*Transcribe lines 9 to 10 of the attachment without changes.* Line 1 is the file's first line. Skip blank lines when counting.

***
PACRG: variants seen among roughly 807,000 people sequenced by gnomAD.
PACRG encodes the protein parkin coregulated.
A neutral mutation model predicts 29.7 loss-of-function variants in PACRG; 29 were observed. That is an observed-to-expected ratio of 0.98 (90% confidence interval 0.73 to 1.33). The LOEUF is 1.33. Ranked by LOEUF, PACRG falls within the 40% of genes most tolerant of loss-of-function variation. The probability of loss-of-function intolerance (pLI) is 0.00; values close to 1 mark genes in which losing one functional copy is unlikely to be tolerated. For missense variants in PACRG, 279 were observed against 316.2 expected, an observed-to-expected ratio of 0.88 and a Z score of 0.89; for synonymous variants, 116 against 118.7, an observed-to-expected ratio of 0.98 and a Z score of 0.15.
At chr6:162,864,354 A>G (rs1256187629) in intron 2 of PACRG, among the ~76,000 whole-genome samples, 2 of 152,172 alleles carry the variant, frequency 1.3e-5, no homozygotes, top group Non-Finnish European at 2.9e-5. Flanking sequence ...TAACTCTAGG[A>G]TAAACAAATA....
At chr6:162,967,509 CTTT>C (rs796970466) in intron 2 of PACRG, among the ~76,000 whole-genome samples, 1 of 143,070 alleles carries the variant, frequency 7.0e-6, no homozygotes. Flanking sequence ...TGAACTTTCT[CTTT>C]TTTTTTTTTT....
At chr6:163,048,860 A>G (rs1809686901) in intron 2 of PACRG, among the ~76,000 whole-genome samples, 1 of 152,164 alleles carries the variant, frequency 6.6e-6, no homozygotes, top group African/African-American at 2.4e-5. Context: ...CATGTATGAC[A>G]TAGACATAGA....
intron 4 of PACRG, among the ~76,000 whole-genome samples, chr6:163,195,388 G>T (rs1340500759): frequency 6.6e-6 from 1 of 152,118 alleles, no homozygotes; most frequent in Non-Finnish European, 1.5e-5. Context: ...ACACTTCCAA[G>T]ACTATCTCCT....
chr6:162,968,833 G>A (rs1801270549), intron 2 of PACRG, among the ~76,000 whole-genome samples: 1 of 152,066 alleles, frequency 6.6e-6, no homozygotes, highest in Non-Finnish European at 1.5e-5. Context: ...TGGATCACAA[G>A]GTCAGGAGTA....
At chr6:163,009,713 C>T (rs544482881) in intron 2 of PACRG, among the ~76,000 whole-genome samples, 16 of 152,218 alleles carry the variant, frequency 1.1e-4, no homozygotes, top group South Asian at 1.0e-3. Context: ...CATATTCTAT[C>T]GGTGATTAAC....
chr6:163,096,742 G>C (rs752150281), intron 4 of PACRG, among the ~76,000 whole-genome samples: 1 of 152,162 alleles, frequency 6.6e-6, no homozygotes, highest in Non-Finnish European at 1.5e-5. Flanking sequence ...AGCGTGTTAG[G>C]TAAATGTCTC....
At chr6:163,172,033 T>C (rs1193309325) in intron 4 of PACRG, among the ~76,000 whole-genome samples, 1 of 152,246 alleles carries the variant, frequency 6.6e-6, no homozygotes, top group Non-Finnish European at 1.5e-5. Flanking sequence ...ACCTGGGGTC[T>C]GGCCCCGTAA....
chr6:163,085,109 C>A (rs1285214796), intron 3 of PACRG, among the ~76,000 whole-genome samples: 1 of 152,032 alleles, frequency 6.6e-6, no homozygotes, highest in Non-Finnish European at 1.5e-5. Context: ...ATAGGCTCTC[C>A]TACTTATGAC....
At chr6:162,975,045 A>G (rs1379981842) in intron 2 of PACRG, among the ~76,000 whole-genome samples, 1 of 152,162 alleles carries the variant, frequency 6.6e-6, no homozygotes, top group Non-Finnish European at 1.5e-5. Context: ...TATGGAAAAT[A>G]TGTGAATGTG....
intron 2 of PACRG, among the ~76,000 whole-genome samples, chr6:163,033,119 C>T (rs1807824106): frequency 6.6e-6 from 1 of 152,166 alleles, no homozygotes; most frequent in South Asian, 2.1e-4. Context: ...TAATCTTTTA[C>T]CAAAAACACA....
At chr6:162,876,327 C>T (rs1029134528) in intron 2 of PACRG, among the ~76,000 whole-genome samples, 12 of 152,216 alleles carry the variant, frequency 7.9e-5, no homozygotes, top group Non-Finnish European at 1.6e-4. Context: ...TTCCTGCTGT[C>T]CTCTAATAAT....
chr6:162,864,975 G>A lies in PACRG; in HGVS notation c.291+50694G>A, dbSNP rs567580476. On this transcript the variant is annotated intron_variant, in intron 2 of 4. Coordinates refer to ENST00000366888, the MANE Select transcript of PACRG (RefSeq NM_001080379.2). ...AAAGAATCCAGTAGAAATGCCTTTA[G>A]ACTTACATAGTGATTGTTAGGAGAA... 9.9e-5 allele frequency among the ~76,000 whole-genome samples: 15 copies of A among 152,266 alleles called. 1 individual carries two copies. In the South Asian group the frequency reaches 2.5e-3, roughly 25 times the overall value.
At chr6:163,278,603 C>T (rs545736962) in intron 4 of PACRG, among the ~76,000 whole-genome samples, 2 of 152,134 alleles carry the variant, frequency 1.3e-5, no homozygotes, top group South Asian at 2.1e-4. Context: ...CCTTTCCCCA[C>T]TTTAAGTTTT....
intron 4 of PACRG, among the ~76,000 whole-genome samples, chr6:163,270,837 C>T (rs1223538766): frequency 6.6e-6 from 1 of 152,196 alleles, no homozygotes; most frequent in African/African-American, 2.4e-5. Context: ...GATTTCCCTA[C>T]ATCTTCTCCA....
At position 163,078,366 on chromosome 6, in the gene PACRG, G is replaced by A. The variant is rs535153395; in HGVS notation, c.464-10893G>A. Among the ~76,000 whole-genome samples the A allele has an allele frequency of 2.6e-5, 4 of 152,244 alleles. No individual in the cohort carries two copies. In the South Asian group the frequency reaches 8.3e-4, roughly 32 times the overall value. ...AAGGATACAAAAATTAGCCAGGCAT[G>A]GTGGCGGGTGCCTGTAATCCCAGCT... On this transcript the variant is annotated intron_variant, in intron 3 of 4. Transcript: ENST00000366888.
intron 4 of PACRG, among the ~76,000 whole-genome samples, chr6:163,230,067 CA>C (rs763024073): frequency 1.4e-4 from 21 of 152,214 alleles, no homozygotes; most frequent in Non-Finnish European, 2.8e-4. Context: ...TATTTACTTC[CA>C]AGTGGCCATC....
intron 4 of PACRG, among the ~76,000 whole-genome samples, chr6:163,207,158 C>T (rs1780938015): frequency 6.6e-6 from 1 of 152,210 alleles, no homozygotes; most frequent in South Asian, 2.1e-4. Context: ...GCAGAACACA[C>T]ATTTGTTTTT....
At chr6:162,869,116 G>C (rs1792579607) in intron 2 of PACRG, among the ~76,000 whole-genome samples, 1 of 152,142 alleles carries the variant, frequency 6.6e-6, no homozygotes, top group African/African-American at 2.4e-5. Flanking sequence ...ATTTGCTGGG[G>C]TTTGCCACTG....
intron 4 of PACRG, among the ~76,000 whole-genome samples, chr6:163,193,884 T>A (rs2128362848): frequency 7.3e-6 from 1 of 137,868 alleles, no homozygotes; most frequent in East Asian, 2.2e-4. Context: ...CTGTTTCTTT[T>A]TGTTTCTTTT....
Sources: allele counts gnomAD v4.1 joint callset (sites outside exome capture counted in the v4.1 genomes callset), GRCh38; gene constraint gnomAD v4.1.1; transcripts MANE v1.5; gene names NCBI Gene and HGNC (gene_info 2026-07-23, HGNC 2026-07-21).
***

At chr6:163,009,713 C>T (rs544482881) in intron 2 of PACRG, among the ~76,000 whole-genome samples, 16 of 152,218 alleles carry the variant, frequency 1.1e-4, no homozygotes, top group South Asian at 1.0e-3. Context: ...CATATTCTAT[C>T]GGTGATTAAC....
chr6:163,096,742 G>C (rs752150281), intron 4 of PACRG, among the ~76,000 whole-genome samples: 1 of 152,162 alleles, frequency 6.6e-6, no homozygotes, highest in Non-Finnish European at 1.5e-5. Flanking sequence ...AGCGTGTTAG[G>C]TAAATGTCTC....